Woman tries to identify the ringing, whooshing sound only she can hear.

A buzzing and ringing sound is what the majority of individuals hear when they have tinnitus. But tinnitus can’t always be classified like this. Tinnitus doesn’t always manifest in one of those two ways. In fact, a wide array of sounds can be heard as a result of this condition. And that’s a substantial fact.

Because, as useful as that “ringing and buzzing” shorthand might be, such a limited classification could make it difficult for some people to identify their tinnitus symptoms. If Barb from down the road hears only whooshing or crashing in her ears, it might not even occur to her that tinnitus is responsible. So having a more thorough idea of what tinnitus sounds like can be positive for everyone, including Barb.

A List of Noises You May Hear With Tinnitus

Broadly speaking, tinnitus is the perception of noise in the ears. Sometimes, this noise actually exists (this is called objective tinnitus). And in other situations, it can be phantom noises in your ears (which means that the noises can’t be heard by others and don’t really exist – that’s called subjective tinnitus). The exact kind of sounds you hear will likely depend on what type of tinnitus you have. And you could potentially hear a lot of different sounds:

  • Whooshing: Some people hear a whooshing noise caused by blood circulation in and around the ears which is a kind of “objective tinnitus”. With this type of tinnitus, you’re basically hearing your own heartbeat.
  • Static: The sound of static is another kind of tinnitus noise. Some people hear a high intensity static and others hear a low intensity static.
  • Electric motor: The electric motor inside of your vacuum has a distinct sound. Some individuals who have tinnitus hear a similar sound when their tinnitus flares up.
  • Ringing: A ringing in the ears is the most prevalent of the tinnitus noises. Usually, this is a high pitched whine or ring. The ringing is frequently called a “tone”. When most people think of tinnitus, most of them think of this ringing.
  • High-pitch whistle: Think about that sound your tea kettle makes when it begins to boil? Sometimes, tinnitus can cause you to hear that specific high-pitched squeal. This one is obviously quite unpleasant.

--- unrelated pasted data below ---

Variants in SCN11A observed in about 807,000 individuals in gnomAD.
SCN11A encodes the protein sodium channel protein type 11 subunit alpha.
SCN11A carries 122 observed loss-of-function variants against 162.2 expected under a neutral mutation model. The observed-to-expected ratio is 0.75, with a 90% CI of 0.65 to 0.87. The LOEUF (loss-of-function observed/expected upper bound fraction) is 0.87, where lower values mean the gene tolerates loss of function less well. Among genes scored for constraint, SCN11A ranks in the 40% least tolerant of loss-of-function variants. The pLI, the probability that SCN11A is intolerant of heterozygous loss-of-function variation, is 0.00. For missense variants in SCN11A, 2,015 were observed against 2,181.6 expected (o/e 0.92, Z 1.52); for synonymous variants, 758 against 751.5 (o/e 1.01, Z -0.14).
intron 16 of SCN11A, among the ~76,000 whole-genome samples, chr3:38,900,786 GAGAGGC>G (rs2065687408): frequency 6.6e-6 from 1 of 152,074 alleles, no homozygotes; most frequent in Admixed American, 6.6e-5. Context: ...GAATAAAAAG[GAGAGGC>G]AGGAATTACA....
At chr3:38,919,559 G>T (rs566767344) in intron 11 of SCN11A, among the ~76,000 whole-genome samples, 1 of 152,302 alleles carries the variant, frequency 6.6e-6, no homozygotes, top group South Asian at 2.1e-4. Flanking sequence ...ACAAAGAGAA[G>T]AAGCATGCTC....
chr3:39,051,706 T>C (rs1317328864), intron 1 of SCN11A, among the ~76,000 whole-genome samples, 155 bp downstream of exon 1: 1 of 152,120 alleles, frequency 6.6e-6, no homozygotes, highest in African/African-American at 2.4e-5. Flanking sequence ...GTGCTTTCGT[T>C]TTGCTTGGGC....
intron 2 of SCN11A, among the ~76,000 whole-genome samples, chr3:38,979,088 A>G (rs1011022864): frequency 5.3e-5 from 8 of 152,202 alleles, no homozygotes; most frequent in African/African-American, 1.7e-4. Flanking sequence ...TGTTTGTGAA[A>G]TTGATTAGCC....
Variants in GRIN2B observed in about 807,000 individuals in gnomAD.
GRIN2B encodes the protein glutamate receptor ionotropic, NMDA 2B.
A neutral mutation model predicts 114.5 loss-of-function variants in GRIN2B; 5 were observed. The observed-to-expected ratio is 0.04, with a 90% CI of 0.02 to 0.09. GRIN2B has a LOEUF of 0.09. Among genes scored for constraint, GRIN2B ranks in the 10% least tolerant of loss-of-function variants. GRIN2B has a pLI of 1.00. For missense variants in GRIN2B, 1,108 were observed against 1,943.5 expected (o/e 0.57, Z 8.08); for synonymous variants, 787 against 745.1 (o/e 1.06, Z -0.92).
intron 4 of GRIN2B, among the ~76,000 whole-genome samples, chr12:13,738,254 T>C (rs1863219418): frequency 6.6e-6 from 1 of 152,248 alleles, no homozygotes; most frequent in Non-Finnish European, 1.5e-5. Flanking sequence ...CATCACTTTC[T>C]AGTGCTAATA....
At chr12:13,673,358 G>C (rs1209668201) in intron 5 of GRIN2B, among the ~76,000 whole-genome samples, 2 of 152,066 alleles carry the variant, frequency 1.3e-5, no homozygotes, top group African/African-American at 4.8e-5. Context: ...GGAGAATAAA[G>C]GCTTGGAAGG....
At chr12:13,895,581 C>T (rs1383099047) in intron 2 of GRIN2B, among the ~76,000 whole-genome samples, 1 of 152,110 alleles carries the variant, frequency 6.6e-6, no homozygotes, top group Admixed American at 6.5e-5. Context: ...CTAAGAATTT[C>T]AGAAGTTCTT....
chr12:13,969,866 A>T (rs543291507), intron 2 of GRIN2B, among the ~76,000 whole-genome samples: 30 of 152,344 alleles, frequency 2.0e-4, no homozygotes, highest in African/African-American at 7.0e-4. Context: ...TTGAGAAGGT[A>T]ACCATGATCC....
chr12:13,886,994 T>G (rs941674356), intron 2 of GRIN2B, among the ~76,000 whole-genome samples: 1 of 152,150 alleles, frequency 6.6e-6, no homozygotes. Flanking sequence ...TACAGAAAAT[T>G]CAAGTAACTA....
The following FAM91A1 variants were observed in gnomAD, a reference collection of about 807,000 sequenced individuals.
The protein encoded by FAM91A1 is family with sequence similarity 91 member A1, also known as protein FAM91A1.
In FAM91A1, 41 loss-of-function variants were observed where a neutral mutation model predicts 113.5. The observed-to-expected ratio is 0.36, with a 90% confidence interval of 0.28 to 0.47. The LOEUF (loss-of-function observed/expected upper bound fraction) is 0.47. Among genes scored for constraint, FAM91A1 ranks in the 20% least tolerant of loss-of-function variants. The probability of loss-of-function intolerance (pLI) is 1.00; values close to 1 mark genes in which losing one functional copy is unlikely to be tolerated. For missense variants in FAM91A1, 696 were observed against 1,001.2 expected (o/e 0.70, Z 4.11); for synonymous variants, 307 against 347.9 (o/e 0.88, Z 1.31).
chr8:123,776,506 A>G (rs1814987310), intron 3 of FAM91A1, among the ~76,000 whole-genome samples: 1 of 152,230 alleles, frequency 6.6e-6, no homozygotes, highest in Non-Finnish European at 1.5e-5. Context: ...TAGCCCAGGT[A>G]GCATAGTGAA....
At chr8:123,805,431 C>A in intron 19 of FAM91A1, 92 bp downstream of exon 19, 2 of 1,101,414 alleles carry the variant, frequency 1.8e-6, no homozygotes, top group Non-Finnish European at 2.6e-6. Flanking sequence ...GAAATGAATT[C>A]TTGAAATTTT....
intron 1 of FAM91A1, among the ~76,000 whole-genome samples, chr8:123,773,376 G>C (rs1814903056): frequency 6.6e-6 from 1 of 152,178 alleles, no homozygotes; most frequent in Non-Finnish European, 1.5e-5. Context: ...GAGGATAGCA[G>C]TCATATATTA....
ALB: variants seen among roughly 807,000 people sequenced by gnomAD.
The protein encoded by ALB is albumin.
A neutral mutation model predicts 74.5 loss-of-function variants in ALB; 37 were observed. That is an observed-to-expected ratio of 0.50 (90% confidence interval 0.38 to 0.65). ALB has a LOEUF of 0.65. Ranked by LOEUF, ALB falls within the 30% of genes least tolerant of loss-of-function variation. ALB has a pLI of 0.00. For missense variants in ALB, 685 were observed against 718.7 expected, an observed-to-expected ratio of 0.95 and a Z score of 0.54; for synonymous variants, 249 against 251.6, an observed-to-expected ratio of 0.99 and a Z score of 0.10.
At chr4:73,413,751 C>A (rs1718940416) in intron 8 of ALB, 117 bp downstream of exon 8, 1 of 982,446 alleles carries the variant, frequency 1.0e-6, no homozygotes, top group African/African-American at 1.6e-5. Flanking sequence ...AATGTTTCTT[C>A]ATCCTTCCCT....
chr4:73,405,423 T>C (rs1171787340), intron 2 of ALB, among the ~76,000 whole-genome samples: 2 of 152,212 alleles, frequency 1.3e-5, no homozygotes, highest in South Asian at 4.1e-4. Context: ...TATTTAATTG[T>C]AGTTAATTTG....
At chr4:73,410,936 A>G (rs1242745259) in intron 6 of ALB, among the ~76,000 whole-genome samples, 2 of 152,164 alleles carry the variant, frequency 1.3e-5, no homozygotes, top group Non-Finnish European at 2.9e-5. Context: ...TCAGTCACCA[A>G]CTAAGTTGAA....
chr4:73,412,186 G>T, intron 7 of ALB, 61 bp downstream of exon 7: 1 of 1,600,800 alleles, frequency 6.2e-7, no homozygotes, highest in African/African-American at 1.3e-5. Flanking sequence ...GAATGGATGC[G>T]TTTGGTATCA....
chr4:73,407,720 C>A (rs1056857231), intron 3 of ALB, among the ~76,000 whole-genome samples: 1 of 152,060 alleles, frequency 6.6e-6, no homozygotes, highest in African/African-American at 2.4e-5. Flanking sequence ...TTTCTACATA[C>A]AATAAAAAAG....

• Screeching: Have you ever heard the sound of grinding metal? You may have heard this noise if you’ve ever been near a construction project. But for people who experience tinnitus, this sound is commonly heard.
  • Buzzing: At times, it’s a buzzing not a ringing. This buzzing can even sound like an insect or cicada.
  • Roaring: This one is usually described as “roaring waves”, or even simply “the ocean”. At first, this sound might not be very unpleasant, but it can quickly become overpowering.

This list is not complete, but it certainly begins to give you a notion of just how many possible sounds someone with tinnitus could hear.

Over Time Tinnitus Sounds Can Change

Someone with tinnitus can also experience more than one sound. Last week, for example, Brandon was hearing a ringing noise. He got together with friends at a loud restaurant last night and is now hearing a loud static noise. Tinnitus noises can and do change, sometimes frequently.

The reason for the change isn’t really well understood (mostly because the causes of tinnitus aren’t really well known).

Canceling Out Tinnitus

Tinnitus treatments will normally take two possible strategies: helping your brain understand how to ignore the sound or masking the sound. And in either situation, that means helping you identify and familiarize yourself with the sounds of your tinnitus, whatever they may be.

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